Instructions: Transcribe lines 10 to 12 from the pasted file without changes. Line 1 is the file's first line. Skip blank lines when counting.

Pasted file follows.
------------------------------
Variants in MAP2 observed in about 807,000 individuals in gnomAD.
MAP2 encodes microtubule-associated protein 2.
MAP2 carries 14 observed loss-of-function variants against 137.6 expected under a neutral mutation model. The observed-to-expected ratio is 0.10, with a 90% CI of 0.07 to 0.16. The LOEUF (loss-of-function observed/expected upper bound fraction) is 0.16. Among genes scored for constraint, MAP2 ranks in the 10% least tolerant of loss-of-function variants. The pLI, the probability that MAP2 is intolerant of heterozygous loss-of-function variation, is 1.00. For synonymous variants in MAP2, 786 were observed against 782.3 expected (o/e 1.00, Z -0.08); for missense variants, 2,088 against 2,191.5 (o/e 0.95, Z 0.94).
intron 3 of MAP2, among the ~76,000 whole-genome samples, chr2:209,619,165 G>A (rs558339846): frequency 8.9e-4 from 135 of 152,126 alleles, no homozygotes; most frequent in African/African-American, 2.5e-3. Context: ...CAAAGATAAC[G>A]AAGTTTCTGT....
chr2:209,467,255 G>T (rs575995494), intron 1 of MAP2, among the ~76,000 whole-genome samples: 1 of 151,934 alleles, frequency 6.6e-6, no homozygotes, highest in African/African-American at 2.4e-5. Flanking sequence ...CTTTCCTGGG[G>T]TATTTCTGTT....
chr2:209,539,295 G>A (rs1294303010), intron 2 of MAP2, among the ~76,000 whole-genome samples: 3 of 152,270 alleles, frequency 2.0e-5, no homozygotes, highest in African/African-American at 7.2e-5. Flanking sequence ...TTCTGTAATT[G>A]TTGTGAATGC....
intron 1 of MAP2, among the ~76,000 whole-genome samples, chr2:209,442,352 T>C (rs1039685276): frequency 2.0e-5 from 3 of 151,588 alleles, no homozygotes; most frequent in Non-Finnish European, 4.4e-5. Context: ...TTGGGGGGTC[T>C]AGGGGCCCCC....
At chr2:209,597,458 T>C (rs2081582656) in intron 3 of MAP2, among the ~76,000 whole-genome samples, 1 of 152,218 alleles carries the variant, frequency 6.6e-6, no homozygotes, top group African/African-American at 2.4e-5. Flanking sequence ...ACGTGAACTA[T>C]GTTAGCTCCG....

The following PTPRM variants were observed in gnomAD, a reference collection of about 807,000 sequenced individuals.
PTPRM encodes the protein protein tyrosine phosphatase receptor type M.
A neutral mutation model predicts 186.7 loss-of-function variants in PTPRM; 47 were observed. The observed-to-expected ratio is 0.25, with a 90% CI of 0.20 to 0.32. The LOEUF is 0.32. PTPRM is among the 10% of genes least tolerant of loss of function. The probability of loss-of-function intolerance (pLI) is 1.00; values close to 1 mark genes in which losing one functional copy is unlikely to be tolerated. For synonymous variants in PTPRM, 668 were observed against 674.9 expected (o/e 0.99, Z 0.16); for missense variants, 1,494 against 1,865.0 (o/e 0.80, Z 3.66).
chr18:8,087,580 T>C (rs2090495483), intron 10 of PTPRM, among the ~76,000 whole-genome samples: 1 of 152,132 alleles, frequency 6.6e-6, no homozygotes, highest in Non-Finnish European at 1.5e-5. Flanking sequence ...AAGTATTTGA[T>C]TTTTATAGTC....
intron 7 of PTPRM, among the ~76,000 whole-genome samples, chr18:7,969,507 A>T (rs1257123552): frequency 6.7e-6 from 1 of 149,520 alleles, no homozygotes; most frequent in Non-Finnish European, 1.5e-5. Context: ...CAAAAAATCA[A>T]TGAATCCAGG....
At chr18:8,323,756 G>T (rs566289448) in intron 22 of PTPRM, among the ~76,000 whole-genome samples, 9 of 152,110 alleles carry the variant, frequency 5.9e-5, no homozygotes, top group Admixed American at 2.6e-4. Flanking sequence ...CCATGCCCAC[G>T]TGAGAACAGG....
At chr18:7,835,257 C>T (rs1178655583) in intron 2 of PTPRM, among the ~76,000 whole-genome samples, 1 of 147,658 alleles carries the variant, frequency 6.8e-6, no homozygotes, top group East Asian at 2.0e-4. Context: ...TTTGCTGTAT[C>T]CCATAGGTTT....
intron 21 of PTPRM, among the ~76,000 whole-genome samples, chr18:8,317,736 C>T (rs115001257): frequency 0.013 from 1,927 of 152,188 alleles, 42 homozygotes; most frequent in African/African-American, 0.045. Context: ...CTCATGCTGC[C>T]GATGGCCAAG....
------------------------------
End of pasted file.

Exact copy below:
PTPRM encodes the protein protein tyrosine phosphatase receptor type M.
A neutral mutation model predicts 186.7 loss-of-function variants in PTPRM; 47 were observed. The observed-to-expected ratio is 0.25, with a 90% CI of 0.20 to 0.32. The LOEUF is 0.32. PTPRM is among the 10% of genes least tolerant of loss of function. The probability of loss-of-function intolerance (pLI) is 1.00; values close to 1 mark genes in which losing one functional copy is unlikely to be tolerated. For synonymous variants in PTPRM, 668 were observed against 674.9 expected (o/e 0.99, Z 0.16); for missense variants, 1,494 against 1,865.0 (o/e 0.80, Z 3.66).
chr18:8,087,580 T>C (rs2090495483), intron 10 of PTPRM, among the ~76,000 whole-genome samples: 1 of 152,132 alleles, frequency 6.6e-6, no homozygotes, highest in Non-Finnish European at 1.5e-5. Flanking sequence ...AAGTATTTGA[T>C]TTTTATAGTC....